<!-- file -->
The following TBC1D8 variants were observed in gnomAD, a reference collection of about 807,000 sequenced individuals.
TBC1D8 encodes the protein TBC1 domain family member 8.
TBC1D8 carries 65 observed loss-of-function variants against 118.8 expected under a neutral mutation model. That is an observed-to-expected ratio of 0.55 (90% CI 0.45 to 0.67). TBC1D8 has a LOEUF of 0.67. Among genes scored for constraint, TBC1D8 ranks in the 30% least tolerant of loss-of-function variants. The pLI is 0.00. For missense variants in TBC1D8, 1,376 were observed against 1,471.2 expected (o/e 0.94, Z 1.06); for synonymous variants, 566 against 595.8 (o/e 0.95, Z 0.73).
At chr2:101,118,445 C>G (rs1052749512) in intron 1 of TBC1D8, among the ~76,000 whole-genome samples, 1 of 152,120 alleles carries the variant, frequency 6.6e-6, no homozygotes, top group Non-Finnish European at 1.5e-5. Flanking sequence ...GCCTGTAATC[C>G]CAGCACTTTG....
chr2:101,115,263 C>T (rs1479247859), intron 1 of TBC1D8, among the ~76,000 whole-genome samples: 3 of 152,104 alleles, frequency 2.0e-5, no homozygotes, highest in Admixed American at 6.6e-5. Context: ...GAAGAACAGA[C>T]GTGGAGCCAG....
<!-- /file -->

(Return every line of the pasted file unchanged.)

The following TBC1D8 variants were observed in gnomAD, a reference collection of about 807,000 sequenced individuals.
TBC1D8 encodes the protein TBC1 domain family member 8.
TBC1D8 carries 65 observed loss-of-function variants against 118.8 expected under a neutral mutation model. That is an observed-to-expected ratio of 0.55 (90% CI 0.45 to 0.67). TBC1D8 has a LOEUF of 0.67. Among genes scored for constraint, TBC1D8 ranks in the 30% least tolerant of loss-of-function variants. The pLI is 0.00. For missense variants in TBC1D8, 1,376 were observed against 1,471.2 expected (o/e 0.94, Z 1.06); for synonymous variants, 566 against 595.8 (o/e 0.95, Z 0.73).
At chr2:101,118,445 C>G (rs1052749512) in intron 1 of TBC1D8, among the ~76,000 whole-genome samples, 1 of 152,120 alleles carries the variant, frequency 6.6e-6, no homozygotes, top group Non-Finnish European at 1.5e-5. Flanking sequence ...GCCTGTAATC[C>G]CAGCACTTTG....
chr2:101,115,263 C>T (rs1479247859), intron 1 of TBC1D8, among the ~76,000 whole-genome samples: 3 of 152,104 alleles, frequency 2.0e-5, no homozygotes, highest in Admixed American at 6.6e-5. Context: ...GAAGAACAGA[C>T]GTGGAGCCAG....